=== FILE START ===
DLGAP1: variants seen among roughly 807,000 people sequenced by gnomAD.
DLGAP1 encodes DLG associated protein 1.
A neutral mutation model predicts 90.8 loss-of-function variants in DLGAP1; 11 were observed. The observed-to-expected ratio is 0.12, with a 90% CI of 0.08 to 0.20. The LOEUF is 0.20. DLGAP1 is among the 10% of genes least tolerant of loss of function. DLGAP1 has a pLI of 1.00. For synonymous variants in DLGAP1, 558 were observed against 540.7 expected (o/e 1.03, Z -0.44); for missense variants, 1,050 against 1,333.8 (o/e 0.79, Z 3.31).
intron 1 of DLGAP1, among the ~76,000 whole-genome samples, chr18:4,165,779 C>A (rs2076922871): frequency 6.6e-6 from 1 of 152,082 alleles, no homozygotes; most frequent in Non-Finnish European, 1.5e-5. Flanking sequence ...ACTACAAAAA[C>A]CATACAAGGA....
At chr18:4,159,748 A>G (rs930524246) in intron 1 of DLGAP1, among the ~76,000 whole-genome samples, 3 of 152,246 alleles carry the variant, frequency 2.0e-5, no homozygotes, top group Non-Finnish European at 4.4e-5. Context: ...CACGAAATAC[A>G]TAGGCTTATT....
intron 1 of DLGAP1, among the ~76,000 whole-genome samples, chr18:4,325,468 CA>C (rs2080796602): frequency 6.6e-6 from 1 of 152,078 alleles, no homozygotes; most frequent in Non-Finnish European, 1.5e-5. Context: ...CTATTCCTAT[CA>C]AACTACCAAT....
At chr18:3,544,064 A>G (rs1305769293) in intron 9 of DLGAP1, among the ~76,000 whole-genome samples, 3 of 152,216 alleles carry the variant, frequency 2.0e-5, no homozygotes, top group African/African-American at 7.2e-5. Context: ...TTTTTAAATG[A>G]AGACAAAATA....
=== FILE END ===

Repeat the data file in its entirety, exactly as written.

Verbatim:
DLGAP1: variants seen among roughly 807,000 people sequenced by gnomAD.
DLGAP1 encodes DLG associated protein 1.
A neutral mutation model predicts 90.8 loss-of-function variants in DLGAP1; 11 were observed. The observed-to-expected ratio is 0.12, with a 90% CI of 0.08 to 0.20. The LOEUF is 0.20. DLGAP1 is among the 10% of genes least tolerant of loss of function. DLGAP1 has a pLI of 1.00. For synonymous variants in DLGAP1, 558 were observed against 540.7 expected (o/e 1.03, Z -0.44); for missense variants, 1,050 against 1,333.8 (o/e 0.79, Z 3.31).
intron 1 of DLGAP1, among the ~76,000 whole-genome samples, chr18:4,165,779 C>A (rs2076922871): frequency 6.6e-6 from 1 of 152,082 alleles, no homozygotes; most frequent in Non-Finnish European, 1.5e-5. Flanking sequence ...ACTACAAAAA[C>A]CATACAAGGA....
At chr18:4,159,748 A>G (rs930524246) in intron 1 of DLGAP1, among the ~76,000 whole-genome samples, 3 of 152,246 alleles carry the variant, frequency 2.0e-5, no homozygotes, top group Non-Finnish European at 4.4e-5. Context: ...CACGAAATAC[A>G]TAGGCTTATT....
intron 1 of DLGAP1, among the ~76,000 whole-genome samples, chr18:4,325,468 CA>C (rs2080796602): frequency 6.6e-6 from 1 of 152,078 alleles, no homozygotes; most frequent in Non-Finnish European, 1.5e-5. Context: ...CTATTCCTAT[CA>C]AACTACCAAT....
At chr18:3,544,064 A>G (rs1305769293) in intron 9 of DLGAP1, among the ~76,000 whole-genome samples, 3 of 152,216 alleles carry the variant, frequency 2.0e-5, no homozygotes, top group African/African-American at 7.2e-5. Context: ...TTTTTAAATG[A>G]AGACAAAATA....